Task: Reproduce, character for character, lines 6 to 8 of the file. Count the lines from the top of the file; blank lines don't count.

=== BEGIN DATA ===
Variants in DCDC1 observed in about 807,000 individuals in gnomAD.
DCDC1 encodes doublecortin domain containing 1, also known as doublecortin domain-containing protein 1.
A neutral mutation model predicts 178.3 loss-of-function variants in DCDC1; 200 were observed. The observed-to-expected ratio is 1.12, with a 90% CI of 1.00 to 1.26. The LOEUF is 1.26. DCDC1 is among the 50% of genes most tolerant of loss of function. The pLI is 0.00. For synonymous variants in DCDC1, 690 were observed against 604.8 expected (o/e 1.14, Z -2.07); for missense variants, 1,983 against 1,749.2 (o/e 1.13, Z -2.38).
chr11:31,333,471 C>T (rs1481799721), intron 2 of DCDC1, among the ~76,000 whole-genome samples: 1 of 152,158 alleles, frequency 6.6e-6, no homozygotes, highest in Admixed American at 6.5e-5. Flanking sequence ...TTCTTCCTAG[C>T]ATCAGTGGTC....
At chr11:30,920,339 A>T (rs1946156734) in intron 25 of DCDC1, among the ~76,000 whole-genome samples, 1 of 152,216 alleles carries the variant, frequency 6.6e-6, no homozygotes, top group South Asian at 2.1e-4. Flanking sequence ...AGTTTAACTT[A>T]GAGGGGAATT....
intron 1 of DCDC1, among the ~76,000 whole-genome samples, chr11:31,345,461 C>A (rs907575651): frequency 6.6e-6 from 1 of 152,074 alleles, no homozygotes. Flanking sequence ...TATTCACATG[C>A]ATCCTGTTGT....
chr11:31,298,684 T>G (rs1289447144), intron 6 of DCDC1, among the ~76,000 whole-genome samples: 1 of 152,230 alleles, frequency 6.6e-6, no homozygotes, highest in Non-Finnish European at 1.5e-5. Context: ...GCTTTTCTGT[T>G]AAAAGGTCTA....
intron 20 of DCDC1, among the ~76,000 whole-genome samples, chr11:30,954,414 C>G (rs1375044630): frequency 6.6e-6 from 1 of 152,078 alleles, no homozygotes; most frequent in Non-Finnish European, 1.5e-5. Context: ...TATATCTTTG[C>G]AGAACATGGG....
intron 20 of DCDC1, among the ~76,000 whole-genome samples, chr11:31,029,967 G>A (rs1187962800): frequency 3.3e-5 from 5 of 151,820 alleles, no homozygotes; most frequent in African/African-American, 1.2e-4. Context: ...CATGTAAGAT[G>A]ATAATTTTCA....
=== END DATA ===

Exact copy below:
intron 1 of DCDC1, among the ~76,000 whole-genome samples, chr11:31,345,461 C>A (rs907575651): frequency 6.6e-6 from 1 of 152,074 alleles, no homozygotes. Flanking sequence ...TATTCACATG[C>A]ATCCTGTTGT....
chr11:31,298,684 T>G (rs1289447144), intron 6 of DCDC1, among the ~76,000 whole-genome samples: 1 of 152,230 alleles, frequency 6.6e-6, no homozygotes, highest in Non-Finnish European at 1.5e-5. Context: ...GCTTTTCTGT[T>G]AAAAGGTCTA....
intron 20 of DCDC1, among the ~76,000 whole-genome samples, chr11:30,954,414 C>G (rs1375044630): frequency 6.6e-6 from 1 of 152,078 alleles, no homozygotes; most frequent in Non-Finnish European, 1.5e-5. Context: ...TATATCTTTG[C>G]AGAACATGGG....